LOUISVILLE, Ky. (WHAS11) -- President Barack Obama "made a big mistake" when he repeatedly guaranteed that no Americans would lose their current health insurance plan with the implementation of the Affordable Care Act, U.S. Rep. John Yarmuth said Tuesday.
Yarmuth (D-Kentucky) is one of the Democratic Congressman who helped draft the law.
"Those of us who were drafting the law as I was in 2009, kind of cringed when he said that the first time," Yarmuth told WHAS11. "We knew that that was not possible, that we can't control what insurance companies do."
Yet, Obama's insistence on the point was unequivocal as he both pitched the law and ran for re-election in 2012.
"If you like your plan, you can keep your plan," Obama said in his stump speech, "Period."
"The federal government can't tell an insurance company to sell a certain policy or not," Yarmuth said. "So we knew there were gonna be instances in which people could not keep the coverage they had."
"Anytime you make a universal, unconditional statement about the United States, you're going to be proven wrong," Yarmuth continued. "And I'm sure he wishes he hadn't said that and I never said that."
"So, he made a big mistake."
The Associated Press reports at least 3.5 million Americans have received insurance plans cancellations since the ACA came into effect.
"In my home state of Kentucky alone, 130,000 individual policies and 150,000 small-group policies will be canceled," said Senate Minority Leader Mitch McConnell in remarks on the Senate floor Tuesday morning. "And remember, the President assured Americans up and down that this wouldn’t happen."
The issue looms large in Kentucky's 2014 Senate race.
Democrat Alison Lundergan Grimes has called for a delay in ACA deadlines and WHAS11 asked her Tuesday about Obama's promise.
"I think what we have seen the Washington promises that have been made by Washington politicians need to be upheld," Grimes said. "And I call again upon Congress to make sure that we can keep up with those promises that have been made."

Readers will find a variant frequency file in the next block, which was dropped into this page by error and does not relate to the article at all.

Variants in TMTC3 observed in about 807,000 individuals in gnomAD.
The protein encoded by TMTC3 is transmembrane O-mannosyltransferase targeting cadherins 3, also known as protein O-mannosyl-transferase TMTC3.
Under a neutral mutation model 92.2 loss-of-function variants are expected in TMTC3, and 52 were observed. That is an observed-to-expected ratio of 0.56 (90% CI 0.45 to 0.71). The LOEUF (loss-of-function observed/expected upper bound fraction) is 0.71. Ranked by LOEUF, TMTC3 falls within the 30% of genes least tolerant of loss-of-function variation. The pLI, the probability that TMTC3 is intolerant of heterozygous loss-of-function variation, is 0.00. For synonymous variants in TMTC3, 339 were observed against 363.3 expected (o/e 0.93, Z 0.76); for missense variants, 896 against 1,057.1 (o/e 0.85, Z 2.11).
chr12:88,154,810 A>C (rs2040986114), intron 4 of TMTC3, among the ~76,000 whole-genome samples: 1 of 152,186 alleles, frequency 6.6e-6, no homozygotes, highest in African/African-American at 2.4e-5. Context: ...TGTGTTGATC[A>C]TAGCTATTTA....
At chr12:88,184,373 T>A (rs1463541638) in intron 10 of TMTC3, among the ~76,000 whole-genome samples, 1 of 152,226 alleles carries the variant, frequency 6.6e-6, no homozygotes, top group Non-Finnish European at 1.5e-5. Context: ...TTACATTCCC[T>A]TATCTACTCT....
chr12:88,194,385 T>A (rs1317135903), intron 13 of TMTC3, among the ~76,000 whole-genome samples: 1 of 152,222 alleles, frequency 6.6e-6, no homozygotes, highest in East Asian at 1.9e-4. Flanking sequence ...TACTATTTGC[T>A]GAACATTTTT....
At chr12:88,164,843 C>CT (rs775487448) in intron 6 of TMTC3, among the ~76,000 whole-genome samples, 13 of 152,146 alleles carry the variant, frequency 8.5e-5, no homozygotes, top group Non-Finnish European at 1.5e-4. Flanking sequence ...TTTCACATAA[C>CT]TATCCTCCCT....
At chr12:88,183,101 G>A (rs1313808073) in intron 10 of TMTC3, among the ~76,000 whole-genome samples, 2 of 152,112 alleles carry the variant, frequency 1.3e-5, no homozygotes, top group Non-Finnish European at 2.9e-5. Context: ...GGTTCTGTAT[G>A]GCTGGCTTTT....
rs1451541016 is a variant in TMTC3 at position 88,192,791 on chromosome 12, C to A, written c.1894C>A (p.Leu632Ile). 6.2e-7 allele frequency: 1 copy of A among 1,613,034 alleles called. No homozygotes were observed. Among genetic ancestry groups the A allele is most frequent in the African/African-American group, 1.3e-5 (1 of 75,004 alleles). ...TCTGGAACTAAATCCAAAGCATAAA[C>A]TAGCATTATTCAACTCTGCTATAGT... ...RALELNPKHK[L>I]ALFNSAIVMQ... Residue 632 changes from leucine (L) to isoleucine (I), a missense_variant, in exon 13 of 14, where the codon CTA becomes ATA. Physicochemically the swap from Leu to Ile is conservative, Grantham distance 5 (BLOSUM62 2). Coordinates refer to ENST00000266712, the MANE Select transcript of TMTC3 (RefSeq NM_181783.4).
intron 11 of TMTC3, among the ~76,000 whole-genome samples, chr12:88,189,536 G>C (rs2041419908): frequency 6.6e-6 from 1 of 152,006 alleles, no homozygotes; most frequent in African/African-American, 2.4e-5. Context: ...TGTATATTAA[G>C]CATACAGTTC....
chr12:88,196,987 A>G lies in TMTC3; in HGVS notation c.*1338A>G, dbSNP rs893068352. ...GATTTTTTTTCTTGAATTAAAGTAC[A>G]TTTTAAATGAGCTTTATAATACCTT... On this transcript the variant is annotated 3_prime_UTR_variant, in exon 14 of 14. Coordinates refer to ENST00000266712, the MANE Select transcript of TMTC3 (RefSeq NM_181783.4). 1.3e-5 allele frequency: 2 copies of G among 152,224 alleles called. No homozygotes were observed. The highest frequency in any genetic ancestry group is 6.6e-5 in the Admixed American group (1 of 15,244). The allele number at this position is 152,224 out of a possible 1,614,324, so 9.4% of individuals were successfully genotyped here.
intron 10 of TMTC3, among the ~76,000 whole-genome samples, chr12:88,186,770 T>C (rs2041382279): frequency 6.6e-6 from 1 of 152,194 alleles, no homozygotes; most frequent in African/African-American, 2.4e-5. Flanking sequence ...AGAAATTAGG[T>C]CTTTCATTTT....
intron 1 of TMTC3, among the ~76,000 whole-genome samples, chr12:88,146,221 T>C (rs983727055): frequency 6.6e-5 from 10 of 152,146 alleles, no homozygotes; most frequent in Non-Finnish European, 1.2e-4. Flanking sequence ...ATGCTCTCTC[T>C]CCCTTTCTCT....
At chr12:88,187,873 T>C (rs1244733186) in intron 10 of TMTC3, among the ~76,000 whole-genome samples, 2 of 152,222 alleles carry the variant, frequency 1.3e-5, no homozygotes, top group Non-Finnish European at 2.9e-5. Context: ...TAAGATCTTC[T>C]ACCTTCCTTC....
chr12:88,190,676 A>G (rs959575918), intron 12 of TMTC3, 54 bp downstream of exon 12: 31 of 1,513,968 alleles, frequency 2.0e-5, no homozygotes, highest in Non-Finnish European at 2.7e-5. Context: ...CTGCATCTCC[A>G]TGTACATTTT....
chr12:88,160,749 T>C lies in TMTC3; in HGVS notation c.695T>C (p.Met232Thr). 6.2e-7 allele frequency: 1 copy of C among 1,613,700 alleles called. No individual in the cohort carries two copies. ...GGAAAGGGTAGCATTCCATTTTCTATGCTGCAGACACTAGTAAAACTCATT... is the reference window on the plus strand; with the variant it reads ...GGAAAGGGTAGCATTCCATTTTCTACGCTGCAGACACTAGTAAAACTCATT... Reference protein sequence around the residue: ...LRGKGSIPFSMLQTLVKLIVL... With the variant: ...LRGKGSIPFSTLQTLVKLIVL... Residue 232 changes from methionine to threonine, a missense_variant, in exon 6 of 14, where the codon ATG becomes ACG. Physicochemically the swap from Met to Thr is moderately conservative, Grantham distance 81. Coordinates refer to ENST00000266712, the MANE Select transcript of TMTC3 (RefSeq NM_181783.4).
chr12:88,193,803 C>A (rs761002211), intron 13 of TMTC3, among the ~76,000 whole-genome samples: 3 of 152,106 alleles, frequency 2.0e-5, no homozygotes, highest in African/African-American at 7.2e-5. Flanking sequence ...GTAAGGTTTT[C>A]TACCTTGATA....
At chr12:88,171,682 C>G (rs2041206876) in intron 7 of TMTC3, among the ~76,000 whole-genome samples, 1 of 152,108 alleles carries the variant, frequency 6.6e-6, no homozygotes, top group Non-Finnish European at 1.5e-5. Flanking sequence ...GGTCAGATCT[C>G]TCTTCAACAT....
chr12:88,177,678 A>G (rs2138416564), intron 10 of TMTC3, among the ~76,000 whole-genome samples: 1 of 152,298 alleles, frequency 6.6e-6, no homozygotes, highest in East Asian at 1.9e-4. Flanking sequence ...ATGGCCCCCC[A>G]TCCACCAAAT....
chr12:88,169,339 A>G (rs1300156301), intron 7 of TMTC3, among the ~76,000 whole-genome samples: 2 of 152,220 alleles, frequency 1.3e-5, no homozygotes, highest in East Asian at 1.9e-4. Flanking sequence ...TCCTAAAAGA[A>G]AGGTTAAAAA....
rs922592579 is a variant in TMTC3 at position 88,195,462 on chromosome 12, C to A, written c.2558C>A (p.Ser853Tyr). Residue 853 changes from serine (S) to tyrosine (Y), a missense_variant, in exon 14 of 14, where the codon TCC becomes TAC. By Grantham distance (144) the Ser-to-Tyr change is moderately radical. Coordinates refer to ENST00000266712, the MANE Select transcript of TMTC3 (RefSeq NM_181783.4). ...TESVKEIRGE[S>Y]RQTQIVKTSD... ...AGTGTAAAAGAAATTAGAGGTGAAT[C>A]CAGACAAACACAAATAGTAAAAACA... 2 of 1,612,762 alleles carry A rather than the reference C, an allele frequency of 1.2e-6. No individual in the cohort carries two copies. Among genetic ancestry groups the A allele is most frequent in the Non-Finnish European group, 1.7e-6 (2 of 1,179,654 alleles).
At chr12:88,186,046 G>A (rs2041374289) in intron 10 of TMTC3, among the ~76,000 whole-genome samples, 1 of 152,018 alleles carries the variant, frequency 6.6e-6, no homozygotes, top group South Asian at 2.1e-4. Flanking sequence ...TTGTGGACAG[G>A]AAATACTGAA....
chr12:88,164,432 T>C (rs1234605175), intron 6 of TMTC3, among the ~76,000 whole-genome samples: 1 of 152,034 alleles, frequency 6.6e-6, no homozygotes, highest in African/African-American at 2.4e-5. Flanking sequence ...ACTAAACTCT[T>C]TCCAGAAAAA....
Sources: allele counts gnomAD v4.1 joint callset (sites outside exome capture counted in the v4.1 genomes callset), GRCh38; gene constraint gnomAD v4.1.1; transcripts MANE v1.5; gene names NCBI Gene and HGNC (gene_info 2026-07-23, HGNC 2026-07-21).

Grimes also called for the "grandfathering clause" to be extended through the end of this year.
"So that individuals - many hundreds of thousands of Kentuckians - can keep their insurance plan should they like them, as well as make sure the insurance companies keep to the consumers what are the inadequacies that don't meet the fair standards under the Affordable Care Act."
Yarmuth was asked if he believed the Obama administration deliberately misled the American people.
"I think they felt that they were literally accurate in that if somebody wanted to change a policy, wanted to keep a policy
that was not changed, they could keep that policy," Yarmuth responded. "What he should have said was, there was nothing in the law that would force somebody to change their policy."
Insurance companies drop people and change the terms of their coverage all the time, Yarmuth said.
"So there was no way that what he said was ever going to be true."
"I think they thought that with the grandfather clause they were on solid ground saying that," Yarmuth said. "But clearly, most people took it in a much broader sense which was to be expected."